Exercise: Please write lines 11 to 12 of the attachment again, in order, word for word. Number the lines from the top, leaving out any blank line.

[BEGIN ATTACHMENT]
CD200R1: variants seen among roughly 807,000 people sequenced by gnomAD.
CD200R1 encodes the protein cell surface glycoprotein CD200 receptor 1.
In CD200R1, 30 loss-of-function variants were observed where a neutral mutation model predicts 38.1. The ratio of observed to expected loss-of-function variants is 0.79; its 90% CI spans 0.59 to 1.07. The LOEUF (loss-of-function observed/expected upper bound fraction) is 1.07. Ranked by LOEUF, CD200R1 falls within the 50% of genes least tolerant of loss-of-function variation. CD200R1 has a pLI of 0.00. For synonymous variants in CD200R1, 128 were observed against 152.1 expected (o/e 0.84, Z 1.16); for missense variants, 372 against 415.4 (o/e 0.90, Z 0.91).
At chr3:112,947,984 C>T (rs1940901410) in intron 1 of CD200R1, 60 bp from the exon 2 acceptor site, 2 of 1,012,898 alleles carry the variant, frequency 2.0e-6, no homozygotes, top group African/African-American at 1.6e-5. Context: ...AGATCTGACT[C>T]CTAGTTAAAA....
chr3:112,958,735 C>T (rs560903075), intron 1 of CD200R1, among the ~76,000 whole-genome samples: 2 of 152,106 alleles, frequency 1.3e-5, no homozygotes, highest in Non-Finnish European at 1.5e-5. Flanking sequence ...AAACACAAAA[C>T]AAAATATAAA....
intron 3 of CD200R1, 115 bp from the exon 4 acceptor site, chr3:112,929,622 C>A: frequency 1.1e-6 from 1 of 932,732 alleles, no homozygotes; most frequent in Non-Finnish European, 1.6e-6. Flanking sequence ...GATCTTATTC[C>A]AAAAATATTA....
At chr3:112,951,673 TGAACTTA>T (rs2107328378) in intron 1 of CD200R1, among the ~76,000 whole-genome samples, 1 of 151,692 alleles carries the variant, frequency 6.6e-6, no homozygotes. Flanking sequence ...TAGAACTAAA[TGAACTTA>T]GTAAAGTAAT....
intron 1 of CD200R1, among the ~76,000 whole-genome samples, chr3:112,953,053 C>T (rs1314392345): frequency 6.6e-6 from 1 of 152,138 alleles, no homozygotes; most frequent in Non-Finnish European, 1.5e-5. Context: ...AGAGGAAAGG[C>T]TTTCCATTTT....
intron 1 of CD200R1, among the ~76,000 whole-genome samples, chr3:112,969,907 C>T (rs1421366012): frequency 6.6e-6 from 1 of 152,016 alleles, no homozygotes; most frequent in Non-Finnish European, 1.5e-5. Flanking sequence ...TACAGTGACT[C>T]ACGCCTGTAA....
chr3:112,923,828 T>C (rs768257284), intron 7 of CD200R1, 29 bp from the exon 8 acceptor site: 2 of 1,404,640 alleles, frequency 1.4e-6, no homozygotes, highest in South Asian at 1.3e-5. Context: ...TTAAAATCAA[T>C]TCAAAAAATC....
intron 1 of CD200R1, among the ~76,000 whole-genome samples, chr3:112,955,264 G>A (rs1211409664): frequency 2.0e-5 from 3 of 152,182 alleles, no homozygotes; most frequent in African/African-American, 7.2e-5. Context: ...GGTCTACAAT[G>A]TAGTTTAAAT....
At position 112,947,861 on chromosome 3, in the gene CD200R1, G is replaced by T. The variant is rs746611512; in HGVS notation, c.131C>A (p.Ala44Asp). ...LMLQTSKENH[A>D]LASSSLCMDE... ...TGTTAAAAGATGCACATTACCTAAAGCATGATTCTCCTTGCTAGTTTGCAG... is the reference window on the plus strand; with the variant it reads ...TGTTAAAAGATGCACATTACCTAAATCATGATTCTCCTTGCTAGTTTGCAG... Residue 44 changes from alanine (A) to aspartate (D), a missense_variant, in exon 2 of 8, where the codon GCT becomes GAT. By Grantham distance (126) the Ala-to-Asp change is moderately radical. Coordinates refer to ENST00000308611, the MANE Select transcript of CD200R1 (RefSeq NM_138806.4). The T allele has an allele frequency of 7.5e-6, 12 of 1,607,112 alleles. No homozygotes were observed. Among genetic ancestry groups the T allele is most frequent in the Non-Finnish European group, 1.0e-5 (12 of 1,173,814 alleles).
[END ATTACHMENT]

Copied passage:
intron 1 of CD200R1, among the ~76,000 whole-genome samples, chr3:112,955,264 G>A (rs1211409664): frequency 2.0e-5 from 3 of 152,182 alleles, no homozygotes; most frequent in African/African-American, 7.2e-5. Context: ...GGTCTACAAT[G>A]TAGTTTAAAT....
At position 112,947,861 on chromosome 3, in the gene CD200R1, G is replaced by T. The variant is rs746611512; in HGVS notation, c.131C>A (p.Ala44Asp). ...LMLQTSKENH[A>D]LASSSLCMDE... ...TGTTAAAAGATGCACATTACCTAAAGCATGATTCTCCTTGCTAGTTTGCAG... is the reference window on the plus strand; with the variant it reads ...TGTTAAAAGATGCACATTACCTAAATCATGATTCTCCTTGCTAGTTTGCAG... Residue 44 changes from alanine (A) to aspartate (D), a missense_variant, in exon 2 of 8, where the codon GCT becomes GAT. By Grantham distance (126) the Ala-to-Asp change is moderately radical. Coordinates refer to ENST00000308611, the MANE Select transcript of CD200R1 (RefSeq NM_138806.4). The T allele has an allele frequency of 7.5e-6, 12 of 1,607,112 alleles. No homozygotes were observed. Among genetic ancestry groups the T allele is most frequent in the Non-Finnish European group, 1.0e-5 (12 of 1,173,814 alleles).